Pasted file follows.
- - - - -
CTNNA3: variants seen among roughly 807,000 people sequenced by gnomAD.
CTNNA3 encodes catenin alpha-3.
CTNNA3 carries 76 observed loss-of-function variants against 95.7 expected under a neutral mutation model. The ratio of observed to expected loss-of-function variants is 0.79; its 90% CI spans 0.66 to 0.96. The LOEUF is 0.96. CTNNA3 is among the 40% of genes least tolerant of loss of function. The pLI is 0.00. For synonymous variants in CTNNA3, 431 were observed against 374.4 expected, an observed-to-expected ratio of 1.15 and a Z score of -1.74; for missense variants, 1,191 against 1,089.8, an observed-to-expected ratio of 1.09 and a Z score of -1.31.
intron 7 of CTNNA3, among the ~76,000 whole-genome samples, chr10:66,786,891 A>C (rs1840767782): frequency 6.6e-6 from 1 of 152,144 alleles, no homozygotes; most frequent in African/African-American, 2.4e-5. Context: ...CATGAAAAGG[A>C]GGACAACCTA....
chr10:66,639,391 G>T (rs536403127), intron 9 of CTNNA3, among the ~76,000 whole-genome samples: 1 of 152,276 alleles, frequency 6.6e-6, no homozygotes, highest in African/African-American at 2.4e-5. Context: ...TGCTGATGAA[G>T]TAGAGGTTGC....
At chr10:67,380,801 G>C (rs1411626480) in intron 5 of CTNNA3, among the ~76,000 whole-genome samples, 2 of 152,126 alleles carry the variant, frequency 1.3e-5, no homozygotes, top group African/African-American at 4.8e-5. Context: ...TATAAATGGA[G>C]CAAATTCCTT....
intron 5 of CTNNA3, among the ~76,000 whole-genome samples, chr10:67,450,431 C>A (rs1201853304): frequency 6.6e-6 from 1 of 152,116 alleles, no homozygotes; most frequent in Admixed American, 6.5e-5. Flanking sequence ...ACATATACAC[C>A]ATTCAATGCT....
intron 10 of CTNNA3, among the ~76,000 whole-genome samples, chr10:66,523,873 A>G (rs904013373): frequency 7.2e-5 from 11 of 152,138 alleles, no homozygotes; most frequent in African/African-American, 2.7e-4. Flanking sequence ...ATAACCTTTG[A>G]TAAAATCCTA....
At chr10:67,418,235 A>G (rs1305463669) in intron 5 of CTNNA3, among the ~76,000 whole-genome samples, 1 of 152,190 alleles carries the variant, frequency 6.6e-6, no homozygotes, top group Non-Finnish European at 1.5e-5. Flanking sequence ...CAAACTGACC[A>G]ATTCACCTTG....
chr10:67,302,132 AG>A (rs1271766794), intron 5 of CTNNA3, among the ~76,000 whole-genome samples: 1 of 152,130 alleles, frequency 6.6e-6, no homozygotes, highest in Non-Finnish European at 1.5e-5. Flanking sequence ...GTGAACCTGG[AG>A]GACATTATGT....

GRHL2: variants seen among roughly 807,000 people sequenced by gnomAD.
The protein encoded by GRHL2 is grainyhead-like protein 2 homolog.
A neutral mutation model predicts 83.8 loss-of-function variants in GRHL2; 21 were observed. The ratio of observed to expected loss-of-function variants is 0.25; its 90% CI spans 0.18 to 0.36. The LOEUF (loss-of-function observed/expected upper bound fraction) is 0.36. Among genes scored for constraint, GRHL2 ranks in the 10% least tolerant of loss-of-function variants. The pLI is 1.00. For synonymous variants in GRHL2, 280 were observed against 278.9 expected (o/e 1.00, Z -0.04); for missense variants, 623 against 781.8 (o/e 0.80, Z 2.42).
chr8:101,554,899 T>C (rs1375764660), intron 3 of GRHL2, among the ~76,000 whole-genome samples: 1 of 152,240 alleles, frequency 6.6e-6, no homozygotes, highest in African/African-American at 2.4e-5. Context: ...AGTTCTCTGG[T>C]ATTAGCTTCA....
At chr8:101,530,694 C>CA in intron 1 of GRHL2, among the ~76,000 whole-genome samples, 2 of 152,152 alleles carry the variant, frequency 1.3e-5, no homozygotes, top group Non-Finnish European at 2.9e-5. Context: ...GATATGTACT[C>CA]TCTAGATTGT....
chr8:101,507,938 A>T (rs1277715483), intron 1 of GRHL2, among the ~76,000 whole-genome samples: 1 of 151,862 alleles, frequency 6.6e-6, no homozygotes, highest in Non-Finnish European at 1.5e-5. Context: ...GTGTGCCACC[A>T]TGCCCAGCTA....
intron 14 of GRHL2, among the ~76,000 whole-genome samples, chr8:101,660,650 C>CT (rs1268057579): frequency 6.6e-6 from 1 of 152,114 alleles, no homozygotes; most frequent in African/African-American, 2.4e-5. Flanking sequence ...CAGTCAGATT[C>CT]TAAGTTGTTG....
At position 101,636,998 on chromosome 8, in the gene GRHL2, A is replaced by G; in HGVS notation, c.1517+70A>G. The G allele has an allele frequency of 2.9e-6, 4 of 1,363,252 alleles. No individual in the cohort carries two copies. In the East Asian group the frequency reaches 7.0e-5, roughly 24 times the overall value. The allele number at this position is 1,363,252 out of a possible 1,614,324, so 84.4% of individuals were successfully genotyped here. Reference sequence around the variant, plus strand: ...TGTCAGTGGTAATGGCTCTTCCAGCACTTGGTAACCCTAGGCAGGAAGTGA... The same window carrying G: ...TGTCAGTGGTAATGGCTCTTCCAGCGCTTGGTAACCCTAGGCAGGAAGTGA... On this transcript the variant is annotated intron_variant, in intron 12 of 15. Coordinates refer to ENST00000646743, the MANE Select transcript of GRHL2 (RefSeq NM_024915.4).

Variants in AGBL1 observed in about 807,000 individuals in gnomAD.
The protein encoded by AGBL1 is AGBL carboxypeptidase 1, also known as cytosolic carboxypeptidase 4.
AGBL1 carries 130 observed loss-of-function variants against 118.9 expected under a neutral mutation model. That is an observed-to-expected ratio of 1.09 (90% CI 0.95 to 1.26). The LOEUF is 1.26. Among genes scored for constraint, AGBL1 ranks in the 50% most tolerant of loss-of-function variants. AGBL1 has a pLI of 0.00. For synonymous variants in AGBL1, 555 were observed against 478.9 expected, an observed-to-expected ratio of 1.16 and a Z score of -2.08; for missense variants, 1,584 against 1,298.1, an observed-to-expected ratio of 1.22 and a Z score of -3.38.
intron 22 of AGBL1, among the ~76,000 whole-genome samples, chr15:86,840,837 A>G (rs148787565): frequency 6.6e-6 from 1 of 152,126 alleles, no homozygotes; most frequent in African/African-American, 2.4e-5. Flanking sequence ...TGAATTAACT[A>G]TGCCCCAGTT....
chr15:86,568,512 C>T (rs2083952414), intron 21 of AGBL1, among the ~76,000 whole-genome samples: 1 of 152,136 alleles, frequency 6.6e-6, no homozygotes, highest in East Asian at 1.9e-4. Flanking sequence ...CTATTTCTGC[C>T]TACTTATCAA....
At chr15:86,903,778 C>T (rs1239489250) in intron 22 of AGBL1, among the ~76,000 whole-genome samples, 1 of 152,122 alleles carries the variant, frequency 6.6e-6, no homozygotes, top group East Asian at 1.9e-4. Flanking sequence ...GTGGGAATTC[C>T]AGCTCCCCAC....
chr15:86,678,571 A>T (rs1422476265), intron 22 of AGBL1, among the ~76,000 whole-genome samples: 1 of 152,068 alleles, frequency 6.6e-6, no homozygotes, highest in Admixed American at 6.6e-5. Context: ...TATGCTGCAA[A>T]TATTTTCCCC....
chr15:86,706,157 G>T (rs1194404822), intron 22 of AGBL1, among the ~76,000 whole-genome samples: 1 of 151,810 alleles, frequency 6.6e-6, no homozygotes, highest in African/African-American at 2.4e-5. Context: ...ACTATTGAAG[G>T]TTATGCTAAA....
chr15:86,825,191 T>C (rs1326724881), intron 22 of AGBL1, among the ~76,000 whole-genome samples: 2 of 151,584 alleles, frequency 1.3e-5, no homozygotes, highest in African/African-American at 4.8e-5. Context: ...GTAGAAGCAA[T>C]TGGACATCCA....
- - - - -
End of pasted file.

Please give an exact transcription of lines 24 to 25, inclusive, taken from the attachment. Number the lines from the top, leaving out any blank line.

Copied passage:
At chr15:86,903,778 C>T (rs1239489250) in intron 22 of AGBL1, among the ~76,000 whole-genome samples, 1 of 152,122 alleles carries the variant, frequency 6.6e-6, no homozygotes, top group East Asian at 1.9e-4. Flanking sequence ...GTGGGAATTC[C>T]AGCTCCCCAC....
chr15:86,678,571 A>T (rs1422476265), intron 22 of AGBL1, among the ~76,000 whole-genome samples: 1 of 152,068 alleles, frequency 6.6e-6, no homozygotes, highest in Admixed American at 6.6e-5. Context: ...TATGCTGCAA[A>T]TATTTTCCCC....